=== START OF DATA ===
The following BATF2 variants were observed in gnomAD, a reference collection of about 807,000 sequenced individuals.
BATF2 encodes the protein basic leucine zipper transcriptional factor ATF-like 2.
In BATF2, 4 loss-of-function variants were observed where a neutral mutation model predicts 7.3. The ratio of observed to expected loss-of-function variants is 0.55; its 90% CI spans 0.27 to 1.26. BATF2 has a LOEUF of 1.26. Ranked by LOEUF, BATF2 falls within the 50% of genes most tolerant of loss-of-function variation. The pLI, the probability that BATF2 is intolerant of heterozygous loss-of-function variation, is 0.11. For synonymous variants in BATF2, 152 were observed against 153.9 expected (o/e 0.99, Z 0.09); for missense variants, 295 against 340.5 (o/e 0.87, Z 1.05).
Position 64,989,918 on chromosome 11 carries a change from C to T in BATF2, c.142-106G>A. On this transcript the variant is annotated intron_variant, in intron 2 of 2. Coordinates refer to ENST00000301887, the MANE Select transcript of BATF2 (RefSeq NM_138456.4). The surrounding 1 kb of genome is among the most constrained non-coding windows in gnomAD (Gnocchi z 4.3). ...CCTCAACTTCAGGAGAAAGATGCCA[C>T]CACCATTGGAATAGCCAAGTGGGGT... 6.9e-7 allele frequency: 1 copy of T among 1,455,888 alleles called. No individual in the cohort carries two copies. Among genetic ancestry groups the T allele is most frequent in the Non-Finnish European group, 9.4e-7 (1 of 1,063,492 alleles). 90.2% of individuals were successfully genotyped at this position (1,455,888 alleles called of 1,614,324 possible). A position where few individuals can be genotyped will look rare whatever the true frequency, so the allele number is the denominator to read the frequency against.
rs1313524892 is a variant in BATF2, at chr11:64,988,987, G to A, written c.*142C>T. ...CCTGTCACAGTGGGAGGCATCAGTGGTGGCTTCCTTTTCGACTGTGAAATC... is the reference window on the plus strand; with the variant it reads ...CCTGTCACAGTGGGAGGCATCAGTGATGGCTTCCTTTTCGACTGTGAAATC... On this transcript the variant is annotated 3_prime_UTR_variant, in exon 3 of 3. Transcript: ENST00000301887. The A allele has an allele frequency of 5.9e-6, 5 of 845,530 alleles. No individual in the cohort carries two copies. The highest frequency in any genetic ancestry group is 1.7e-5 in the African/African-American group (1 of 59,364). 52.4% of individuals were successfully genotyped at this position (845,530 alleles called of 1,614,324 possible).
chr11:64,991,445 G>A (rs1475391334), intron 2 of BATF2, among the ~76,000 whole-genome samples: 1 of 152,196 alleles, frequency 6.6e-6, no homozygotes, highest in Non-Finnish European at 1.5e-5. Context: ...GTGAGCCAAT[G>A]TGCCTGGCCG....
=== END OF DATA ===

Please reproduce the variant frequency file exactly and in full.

The following BATF2 variants were observed in gnomAD, a reference collection of about 807,000 sequenced individuals.
BATF2 encodes the protein basic leucine zipper transcriptional factor ATF-like 2.
In BATF2, 4 loss-of-function variants were observed where a neutral mutation model predicts 7.3. The ratio of observed to expected loss-of-function variants is 0.55; its 90% CI spans 0.27 to 1.26. BATF2 has a LOEUF of 1.26. Ranked by LOEUF, BATF2 falls within the 50% of genes most tolerant of loss-of-function variation. The pLI, the probability that BATF2 is intolerant of heterozygous loss-of-function variation, is 0.11. For synonymous variants in BATF2, 152 were observed against 153.9 expected (o/e 0.99, Z 0.09); for missense variants, 295 against 340.5 (o/e 0.87, Z 1.05).
Position 64,989,918 on chromosome 11 carries a change from C to T in BATF2, c.142-106G>A. On this transcript the variant is annotated intron_variant, in intron 2 of 2. Coordinates refer to ENST00000301887, the MANE Select transcript of BATF2 (RefSeq NM_138456.4). The surrounding 1 kb of genome is among the most constrained non-coding windows in gnomAD (Gnocchi z 4.3). ...CCTCAACTTCAGGAGAAAGATGCCA[C>T]CACCATTGGAATAGCCAAGTGGGGT... 6.9e-7 allele frequency: 1 copy of T among 1,455,888 alleles called. No individual in the cohort carries two copies. Among genetic ancestry groups the T allele is most frequent in the Non-Finnish European group, 9.4e-7 (1 of 1,063,492 alleles). 90.2% of individuals were successfully genotyped at this position (1,455,888 alleles called of 1,614,324 possible). A position where few individuals can be genotyped will look rare whatever the true frequency, so the allele number is the denominator to read the frequency against.
rs1313524892 is a variant in BATF2, at chr11:64,988,987, G to A, written c.*142C>T. ...CCTGTCACAGTGGGAGGCATCAGTGGTGGCTTCCTTTTCGACTGTGAAATC... is the reference window on the plus strand; with the variant it reads ...CCTGTCACAGTGGGAGGCATCAGTGATGGCTTCCTTTTCGACTGTGAAATC... On this transcript the variant is annotated 3_prime_UTR_variant, in exon 3 of 3. Transcript: ENST00000301887. The A allele has an allele frequency of 5.9e-6, 5 of 845,530 alleles. No individual in the cohort carries two copies. The highest frequency in any genetic ancestry group is 1.7e-5 in the African/African-American group (1 of 59,364). 52.4% of individuals were successfully genotyped at this position (845,530 alleles called of 1,614,324 possible).
chr11:64,991,445 G>A (rs1475391334), intron 2 of BATF2, among the ~76,000 whole-genome samples: 1 of 152,196 alleles, frequency 6.6e-6, no homozygotes, highest in Non-Finnish European at 1.5e-5. Context: ...GTGAGCCAAT[G>A]TGCCTGGCCG....